Posted by admin on May 3, 2012
After 1949, when China became the People’s Republic of China under the Communist Party and Mao, the Asian country has experienced major changes in economy. Especially since 1978, China has made a lot of progress, and the most recent economic data, such as China’s GDP 2011, show that the communist country is one of the top import and export traders worldwide. The reason for China’s success can be found in the structural changes made throughout the last decades of the twentieth century.
- Privatization instead of collectivization
When the leader of the Chinese Revolution Mao Zedong died in 1976, the new Chinese leadership began to introduce the first alterations of the economic system. Whereas Mao believed in the collectivization of land, the new leader Deng Xiaoping initiated a mixed-economy, which included the privatization of land, and thereby led to a greater productivity. Another step that was taken was the support of private enterprises and the promotion of foreign investment. State-owned enterprises and central planning were reduced gradually.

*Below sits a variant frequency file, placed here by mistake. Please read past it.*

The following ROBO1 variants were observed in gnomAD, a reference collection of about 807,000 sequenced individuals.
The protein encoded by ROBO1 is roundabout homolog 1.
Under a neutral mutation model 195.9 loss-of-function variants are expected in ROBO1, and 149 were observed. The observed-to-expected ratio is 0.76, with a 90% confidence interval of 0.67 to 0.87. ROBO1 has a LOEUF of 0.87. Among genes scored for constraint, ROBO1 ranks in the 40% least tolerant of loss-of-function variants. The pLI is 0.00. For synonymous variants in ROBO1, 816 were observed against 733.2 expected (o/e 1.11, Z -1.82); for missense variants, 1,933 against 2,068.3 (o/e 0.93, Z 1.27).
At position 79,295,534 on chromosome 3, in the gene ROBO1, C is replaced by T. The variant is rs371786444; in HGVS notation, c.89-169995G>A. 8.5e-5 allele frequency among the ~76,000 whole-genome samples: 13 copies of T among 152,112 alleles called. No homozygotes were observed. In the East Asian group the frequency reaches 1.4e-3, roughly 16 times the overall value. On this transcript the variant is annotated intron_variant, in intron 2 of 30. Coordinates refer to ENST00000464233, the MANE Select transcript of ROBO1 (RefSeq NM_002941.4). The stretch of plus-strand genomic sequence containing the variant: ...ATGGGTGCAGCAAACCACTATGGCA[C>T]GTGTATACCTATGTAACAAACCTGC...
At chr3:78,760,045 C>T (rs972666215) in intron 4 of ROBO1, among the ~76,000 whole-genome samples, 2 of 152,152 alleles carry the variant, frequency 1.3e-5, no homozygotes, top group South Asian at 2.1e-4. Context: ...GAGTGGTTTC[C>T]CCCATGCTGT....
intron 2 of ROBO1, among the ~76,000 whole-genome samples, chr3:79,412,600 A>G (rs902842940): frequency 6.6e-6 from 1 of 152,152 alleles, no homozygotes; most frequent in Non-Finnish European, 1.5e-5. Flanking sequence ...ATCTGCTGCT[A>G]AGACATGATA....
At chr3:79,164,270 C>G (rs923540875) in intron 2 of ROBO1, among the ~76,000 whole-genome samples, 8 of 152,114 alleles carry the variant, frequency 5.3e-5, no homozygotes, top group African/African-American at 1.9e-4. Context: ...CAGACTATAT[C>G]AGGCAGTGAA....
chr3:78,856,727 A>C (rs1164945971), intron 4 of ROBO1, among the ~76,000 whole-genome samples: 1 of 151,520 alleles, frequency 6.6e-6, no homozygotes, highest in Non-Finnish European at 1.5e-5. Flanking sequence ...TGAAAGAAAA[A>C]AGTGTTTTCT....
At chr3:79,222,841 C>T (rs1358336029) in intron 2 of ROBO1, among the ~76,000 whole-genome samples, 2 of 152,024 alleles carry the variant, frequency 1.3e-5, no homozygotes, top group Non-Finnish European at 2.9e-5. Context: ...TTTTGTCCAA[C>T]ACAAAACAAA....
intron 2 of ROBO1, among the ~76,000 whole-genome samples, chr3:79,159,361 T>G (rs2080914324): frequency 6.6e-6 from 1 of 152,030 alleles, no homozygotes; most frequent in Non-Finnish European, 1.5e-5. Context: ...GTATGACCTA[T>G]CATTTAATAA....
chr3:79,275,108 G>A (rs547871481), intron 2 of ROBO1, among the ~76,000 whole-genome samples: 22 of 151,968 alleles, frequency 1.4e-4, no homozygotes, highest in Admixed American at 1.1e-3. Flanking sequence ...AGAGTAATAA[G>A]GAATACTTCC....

- Overcoming the crisis
These reforms led to a huge economic success in the 1990s when Asia was affected by a financial crisis. Thanks to its reserves, China did not become as affected as other neighboring countries, but also had to cope with a huge drop of its export. It was more the internal difficulties, e.g. the loans in the financial system and the layoffs and unemployment resulting from the changes of the state-owned enterprises, which led to a slower economic growth. But despite these problems, China’s economy grew at a rate of approximately 10 percent every year between 1990 and 2004. With that, it is the fastest growing economy worldwide. But it should be noted that the high growth is also a necessity because China has to generate up to 15 million new jobs for the people entering the job market every year. The success of China’s economy is therefore balanced against the challenges which the country has to cope with internally.